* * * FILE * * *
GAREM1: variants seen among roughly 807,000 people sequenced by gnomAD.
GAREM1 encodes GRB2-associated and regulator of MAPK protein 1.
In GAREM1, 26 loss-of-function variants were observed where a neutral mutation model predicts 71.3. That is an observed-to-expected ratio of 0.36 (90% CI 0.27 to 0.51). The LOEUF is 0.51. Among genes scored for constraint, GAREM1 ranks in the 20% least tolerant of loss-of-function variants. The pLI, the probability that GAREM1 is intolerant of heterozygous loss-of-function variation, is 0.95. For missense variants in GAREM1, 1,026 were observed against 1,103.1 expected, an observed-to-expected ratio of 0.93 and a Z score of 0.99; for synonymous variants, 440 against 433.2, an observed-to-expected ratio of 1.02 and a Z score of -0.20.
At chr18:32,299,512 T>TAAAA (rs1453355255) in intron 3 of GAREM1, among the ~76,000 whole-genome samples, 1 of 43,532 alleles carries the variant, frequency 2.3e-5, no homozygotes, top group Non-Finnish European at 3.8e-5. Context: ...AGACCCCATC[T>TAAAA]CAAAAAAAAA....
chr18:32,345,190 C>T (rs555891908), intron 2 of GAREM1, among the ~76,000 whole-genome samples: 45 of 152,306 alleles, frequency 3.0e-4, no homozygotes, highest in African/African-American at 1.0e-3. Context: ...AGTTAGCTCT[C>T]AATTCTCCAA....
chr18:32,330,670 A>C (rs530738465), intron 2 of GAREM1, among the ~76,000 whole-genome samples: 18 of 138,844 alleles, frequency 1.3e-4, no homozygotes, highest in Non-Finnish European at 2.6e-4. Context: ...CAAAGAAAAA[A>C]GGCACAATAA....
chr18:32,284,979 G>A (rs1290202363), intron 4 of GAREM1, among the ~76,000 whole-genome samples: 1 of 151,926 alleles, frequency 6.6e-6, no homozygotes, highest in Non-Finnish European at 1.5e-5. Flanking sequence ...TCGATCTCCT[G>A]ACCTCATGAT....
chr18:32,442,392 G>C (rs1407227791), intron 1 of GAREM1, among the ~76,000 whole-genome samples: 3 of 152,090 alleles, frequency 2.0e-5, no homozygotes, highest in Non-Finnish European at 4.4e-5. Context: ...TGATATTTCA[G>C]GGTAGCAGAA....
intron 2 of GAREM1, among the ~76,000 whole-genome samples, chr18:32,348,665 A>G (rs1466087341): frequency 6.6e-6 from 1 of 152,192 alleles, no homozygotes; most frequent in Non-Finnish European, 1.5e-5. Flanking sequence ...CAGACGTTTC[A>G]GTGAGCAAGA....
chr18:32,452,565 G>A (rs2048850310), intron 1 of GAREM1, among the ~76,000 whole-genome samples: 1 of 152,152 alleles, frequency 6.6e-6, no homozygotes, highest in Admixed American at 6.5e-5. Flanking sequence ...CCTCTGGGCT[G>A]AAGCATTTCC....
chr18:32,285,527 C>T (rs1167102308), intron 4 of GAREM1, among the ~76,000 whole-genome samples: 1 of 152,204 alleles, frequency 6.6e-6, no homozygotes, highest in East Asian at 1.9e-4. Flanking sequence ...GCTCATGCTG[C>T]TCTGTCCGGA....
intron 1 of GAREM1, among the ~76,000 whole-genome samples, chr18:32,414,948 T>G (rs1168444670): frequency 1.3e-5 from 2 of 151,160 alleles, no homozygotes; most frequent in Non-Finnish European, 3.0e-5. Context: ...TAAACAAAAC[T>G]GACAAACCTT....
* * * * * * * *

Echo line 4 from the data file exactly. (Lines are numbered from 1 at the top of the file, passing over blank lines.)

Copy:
At chr18:32,299,512 T>TAAAA (rs1453355255) in intron 3 of GAREM1, among the ~76,000 whole-genome samples, 1 of 43,532 alleles carries the variant, frequency 2.3e-5, no homozygotes, top group Non-Finnish European at 3.8e-5. Context: ...AGACCCCATC[T>TAAAA]CAAAAAAAAA....